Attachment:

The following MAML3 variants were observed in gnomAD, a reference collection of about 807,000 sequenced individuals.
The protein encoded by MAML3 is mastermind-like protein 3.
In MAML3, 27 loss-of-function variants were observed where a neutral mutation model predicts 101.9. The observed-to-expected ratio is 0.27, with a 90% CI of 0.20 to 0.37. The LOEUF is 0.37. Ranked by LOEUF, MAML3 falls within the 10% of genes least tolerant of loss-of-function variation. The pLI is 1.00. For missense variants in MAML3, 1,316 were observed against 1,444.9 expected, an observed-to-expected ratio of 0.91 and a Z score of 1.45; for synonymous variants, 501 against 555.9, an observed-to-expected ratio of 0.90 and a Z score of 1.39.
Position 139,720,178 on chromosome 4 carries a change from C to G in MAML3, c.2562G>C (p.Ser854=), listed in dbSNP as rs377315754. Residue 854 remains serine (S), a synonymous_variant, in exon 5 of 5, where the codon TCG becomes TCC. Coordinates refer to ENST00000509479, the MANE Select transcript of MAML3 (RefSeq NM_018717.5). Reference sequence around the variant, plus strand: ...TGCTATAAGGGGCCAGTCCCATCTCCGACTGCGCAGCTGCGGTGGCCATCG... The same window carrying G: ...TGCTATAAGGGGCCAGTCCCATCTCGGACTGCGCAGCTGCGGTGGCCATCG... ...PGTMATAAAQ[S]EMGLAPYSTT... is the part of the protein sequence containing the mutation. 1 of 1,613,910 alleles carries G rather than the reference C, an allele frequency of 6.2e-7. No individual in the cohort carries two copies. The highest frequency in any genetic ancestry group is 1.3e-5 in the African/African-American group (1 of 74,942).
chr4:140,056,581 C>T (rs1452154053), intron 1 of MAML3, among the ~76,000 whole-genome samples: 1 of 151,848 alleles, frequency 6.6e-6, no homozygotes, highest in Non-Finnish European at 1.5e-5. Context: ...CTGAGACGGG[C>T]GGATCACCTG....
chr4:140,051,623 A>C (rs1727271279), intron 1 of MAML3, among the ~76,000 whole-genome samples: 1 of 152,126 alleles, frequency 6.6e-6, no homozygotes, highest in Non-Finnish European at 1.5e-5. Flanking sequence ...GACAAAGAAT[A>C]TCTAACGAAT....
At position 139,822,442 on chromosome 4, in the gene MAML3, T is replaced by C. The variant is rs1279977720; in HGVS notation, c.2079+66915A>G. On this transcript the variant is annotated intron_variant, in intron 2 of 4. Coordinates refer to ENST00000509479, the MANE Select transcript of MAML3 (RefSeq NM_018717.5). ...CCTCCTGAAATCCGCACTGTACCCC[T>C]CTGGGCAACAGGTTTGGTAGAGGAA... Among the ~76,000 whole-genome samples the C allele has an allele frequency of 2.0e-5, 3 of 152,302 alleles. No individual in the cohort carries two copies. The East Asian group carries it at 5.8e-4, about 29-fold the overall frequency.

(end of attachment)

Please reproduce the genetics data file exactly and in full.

The following MAML3 variants were observed in gnomAD, a reference collection of about 807,000 sequenced individuals.
The protein encoded by MAML3 is mastermind-like protein 3.
In MAML3, 27 loss-of-function variants were observed where a neutral mutation model predicts 101.9. The observed-to-expected ratio is 0.27, with a 90% CI of 0.20 to 0.37. The LOEUF is 0.37. Ranked by LOEUF, MAML3 falls within the 10% of genes least tolerant of loss-of-function variation. The pLI is 1.00. For missense variants in MAML3, 1,316 were observed against 1,444.9 expected, an observed-to-expected ratio of 0.91 and a Z score of 1.45; for synonymous variants, 501 against 555.9, an observed-to-expected ratio of 0.90 and a Z score of 1.39.
Position 139,720,178 on chromosome 4 carries a change from C to G in MAML3, c.2562G>C (p.Ser854=), listed in dbSNP as rs377315754. Residue 854 remains serine (S), a synonymous_variant, in exon 5 of 5, where the codon TCG becomes TCC. Coordinates refer to ENST00000509479, the MANE Select transcript of MAML3 (RefSeq NM_018717.5). Reference sequence around the variant, plus strand: ...TGCTATAAGGGGCCAGTCCCATCTCCGACTGCGCAGCTGCGGTGGCCATCG... The same window carrying G: ...TGCTATAAGGGGCCAGTCCCATCTCGGACTGCGCAGCTGCGGTGGCCATCG... ...PGTMATAAAQ[S]EMGLAPYSTT... is the part of the protein sequence containing the mutation. 1 of 1,613,910 alleles carries G rather than the reference C, an allele frequency of 6.2e-7. No individual in the cohort carries two copies. The highest frequency in any genetic ancestry group is 1.3e-5 in the African/African-American group (1 of 74,942).
chr4:140,056,581 C>T (rs1452154053), intron 1 of MAML3, among the ~76,000 whole-genome samples: 1 of 151,848 alleles, frequency 6.6e-6, no homozygotes, highest in Non-Finnish European at 1.5e-5. Context: ...CTGAGACGGG[C>T]GGATCACCTG....
chr4:140,051,623 A>C (rs1727271279), intron 1 of MAML3, among the ~76,000 whole-genome samples: 1 of 152,126 alleles, frequency 6.6e-6, no homozygotes, highest in Non-Finnish European at 1.5e-5. Flanking sequence ...GACAAAGAAT[A>C]TCTAACGAAT....
At position 139,822,442 on chromosome 4, in the gene MAML3, T is replaced by C. The variant is rs1279977720; in HGVS notation, c.2079+66915A>G. On this transcript the variant is annotated intron_variant, in intron 2 of 4. Coordinates refer to ENST00000509479, the MANE Select transcript of MAML3 (RefSeq NM_018717.5). ...CCTCCTGAAATCCGCACTGTACCCC[T>C]CTGGGCAACAGGTTTGGTAGAGGAA... Among the ~76,000 whole-genome samples the C allele has an allele frequency of 2.0e-5, 3 of 152,302 alleles. No individual in the cohort carries two copies. The East Asian group carries it at 5.8e-4, about 29-fold the overall frequency.